Last week I spent time with a major technology manufacturer discussing the challenges of security in large enterprise environments. Besides the usual problems of platform uniformity and tool standardization, I was taken aback by the general attitude of the security spender-in-chief, which I would summarize as “We’ve built the greatest wall of all.”
It is an attitude I commonly see with folks who are responsible for the security posture of an enterprise, but have never worked as boots-on-the-ground in a SOC. Those analysts who have chased the often all too vague hints of trouble, searching the network for clues, and struggled to identify what exactly is/was going to happen. They understand the wall is nothing but a feature in the landscape, a manmade mountain that is hard to pass, and that there’s always ways over it, around it, or even through it. The bad guys always get in, and sooner or later, the time is going to come to do the cleanup.
Passive security defense is not enough
If the security spender-in-chief lacks this basic insight, the security of the organization is essentially non-existent as spending will be extremely lopsided deploying semi-static defenses such as firewalls, HTTP filters, IPS, and VPN terminators. The firewalls and VPNs tightly control who and what connections are allowed in or out, while the IPS and protocol filters decide which of those connections are deemed naughty and need to be terminated. While those are all very necessary security implements, they are not nearly sufficient. They are only part of the equation. Because when an application gets whacked, creds are brute-forced, or an employee goes rogue, the walls generally mean very little. At such point, the intruder has legitimate access to the network, at least as far as the static defenses are concerned.
At this point, the IPS and next-gen firewalls will force the intruder to be careful where to use application exploits – don’t cross site boundaries; and avoid downloading malware from known locations – though the cloud has solved that problem conveniently for the bad guys. So, when the SOC primarily focusses on building a strong wall, little time and money are left over to watch the soft chewy center. Remember, hackers work just as hard on understanding how modern-day defenses work as the good guys on deploying them. It’s indeed an arms race in the truest sense of the word.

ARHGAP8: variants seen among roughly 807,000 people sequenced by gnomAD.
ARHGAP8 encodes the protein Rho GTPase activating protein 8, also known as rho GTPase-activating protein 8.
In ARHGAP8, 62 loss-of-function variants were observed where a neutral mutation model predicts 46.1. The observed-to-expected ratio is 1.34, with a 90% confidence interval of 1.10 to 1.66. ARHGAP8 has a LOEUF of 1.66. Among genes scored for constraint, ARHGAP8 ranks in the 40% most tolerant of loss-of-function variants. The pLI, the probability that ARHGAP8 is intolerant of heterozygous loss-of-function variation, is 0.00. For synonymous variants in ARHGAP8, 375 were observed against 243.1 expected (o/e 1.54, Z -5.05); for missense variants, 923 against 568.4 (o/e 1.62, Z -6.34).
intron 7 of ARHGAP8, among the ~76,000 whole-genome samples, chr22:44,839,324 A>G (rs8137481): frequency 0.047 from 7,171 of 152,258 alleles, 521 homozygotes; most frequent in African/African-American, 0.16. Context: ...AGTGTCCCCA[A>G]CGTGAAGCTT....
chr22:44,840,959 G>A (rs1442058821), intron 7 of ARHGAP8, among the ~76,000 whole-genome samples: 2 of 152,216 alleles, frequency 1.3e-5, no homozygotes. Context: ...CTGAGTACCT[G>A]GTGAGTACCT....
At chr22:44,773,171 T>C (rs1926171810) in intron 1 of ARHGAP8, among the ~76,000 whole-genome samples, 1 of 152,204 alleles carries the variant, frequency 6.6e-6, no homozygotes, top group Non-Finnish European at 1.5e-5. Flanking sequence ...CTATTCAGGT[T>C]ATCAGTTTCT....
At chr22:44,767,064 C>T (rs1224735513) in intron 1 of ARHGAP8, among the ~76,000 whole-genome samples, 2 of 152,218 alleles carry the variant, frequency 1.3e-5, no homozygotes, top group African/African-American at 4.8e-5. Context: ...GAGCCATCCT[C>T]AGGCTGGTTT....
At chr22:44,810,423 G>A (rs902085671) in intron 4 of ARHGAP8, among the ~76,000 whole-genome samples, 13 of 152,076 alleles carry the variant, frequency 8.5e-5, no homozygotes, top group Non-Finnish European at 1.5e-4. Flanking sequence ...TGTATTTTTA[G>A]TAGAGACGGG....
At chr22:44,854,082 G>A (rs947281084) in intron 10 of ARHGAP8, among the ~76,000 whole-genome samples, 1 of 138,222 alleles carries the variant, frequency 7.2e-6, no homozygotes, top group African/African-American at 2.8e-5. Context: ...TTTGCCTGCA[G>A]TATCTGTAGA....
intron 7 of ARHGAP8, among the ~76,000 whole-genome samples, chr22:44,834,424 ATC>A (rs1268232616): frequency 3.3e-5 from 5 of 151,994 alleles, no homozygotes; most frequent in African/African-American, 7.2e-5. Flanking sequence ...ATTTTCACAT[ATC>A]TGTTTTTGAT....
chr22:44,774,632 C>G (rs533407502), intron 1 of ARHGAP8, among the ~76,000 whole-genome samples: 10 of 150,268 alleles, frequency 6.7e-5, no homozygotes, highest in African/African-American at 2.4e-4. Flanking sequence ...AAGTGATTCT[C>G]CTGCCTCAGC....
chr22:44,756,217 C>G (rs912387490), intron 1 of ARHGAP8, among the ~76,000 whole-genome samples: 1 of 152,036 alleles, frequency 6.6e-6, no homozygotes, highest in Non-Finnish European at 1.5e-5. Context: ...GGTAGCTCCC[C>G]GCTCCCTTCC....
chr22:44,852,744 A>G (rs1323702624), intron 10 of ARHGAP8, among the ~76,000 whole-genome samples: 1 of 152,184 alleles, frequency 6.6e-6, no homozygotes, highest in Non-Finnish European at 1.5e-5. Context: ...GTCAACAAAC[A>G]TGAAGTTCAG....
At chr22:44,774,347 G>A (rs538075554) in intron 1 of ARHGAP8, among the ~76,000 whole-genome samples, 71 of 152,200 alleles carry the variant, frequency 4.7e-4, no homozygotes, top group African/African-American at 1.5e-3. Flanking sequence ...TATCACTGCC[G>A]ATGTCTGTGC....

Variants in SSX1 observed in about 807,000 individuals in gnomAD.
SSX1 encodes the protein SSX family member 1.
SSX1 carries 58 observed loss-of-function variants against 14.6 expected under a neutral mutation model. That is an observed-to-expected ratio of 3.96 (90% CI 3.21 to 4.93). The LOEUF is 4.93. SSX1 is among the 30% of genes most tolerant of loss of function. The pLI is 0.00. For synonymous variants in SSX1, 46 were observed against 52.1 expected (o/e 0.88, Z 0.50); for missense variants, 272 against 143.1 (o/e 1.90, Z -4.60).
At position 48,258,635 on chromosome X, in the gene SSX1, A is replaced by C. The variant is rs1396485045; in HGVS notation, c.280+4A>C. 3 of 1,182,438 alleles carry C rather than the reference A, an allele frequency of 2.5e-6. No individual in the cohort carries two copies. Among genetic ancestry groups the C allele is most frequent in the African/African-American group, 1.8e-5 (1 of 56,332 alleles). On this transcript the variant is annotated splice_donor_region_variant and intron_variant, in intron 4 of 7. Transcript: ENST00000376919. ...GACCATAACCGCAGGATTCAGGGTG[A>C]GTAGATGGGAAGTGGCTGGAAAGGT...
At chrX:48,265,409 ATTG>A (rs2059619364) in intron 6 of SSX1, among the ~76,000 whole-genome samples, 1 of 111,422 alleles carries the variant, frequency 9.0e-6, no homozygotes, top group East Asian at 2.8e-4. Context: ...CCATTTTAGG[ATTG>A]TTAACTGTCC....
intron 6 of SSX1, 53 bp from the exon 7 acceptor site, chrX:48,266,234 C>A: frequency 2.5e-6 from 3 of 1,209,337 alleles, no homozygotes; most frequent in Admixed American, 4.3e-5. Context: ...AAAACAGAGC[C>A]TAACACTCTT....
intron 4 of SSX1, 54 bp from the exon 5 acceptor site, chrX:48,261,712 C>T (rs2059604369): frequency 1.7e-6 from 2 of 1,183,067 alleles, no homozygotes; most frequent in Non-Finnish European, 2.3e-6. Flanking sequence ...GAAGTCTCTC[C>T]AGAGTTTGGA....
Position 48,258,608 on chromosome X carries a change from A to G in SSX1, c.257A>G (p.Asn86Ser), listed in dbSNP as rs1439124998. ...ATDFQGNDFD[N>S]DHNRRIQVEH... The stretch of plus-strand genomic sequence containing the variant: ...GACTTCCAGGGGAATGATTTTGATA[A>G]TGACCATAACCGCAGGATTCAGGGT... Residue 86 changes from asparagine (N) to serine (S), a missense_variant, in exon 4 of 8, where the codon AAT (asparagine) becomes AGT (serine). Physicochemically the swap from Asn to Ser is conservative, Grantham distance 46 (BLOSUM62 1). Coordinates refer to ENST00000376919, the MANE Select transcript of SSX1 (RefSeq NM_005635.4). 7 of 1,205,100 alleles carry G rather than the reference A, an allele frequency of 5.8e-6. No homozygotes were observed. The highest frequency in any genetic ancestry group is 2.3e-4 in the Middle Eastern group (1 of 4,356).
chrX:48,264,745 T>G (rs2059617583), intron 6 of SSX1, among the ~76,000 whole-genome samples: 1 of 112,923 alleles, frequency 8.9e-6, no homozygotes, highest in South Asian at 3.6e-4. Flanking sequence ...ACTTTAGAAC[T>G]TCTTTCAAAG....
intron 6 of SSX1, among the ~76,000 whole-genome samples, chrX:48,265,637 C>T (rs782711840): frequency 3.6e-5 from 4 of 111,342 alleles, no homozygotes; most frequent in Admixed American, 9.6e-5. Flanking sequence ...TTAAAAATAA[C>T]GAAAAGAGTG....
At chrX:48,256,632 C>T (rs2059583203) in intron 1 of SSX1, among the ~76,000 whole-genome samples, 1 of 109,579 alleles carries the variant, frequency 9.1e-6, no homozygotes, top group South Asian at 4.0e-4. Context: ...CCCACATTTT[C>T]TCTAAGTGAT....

Visibility tools let us actively hunt attackers
Defending the network, then, is not a spectator sport. We must engage the other side actively when they breach our defenses, which they eventually do. The static defenses discussed above are the barriers we have placed in our environment. And these barriers force the intruder out in the open, or to make moves otherwise unnecessary. That is when we stand the best chance to detect what is going on and hunt them down. How do we do that? By observing our soft chewy center.
Observation means leveraging the network team’s visibility solutions or spending some time and money to get your own. Regular readers will recognize I generally boil visibility down to a simple trifecta:
Now, these are just tools of visibility and all kind-of watch the same stuff from different angles. Most traditional security spenders will probably deploy a log analysis tool, but miss the important insight that objects may appear very differently from different angles. Thus no further telemetry is collected, which can complicate things at clean-up time. For example, an intruder who has gained legitimate credentials to a host may use the system to mine bitcoin, sending CPU through the roof, and showing lots of port 8333 evidence on the wire. Yet the logs will remain quiet. I cannot stress enough the importance of getting a good collection of vantage points on the “same stuff”.
When choosing visibility tools, you must ask yourself this question: does it record the collected telemetry in a reasonably original format? I call this “full fidelity”. Why? Because you don’t know today what you’ll need to be searching for tomorrow. Keep all the data.
We all expect all the logs that stream to our SIEM to be stored, line-by-line for later searching, recall, and correlation by the human correlator. But not so much for many packet, flow, and endpoint tools. All too often the data is summarized, bucketed, plotted, top-10’ed, or otherwise horribly mangled beyond repair, and more importantly, beyond the usefulness of a human hunter searching for evidence of what really has happened in the network. How deep did they get? How much data did they move? Did they get close to any important data? Where did it go? How long has this been going on? What else in my network is affected? Try answering those from a pie-chart.
In conclusion, note that I have not spoken about any fancy correlation, behavior detection, machine learning, user profiling, or any other analytical technique (all of which can help greatly, by the way!). For now, I’m simply asking that you please record the telemetry from your environment, broadly and comprehensively. And keep it for as long as you can. Invest not just in defenses, but equally invest in visibility. You will thank me later.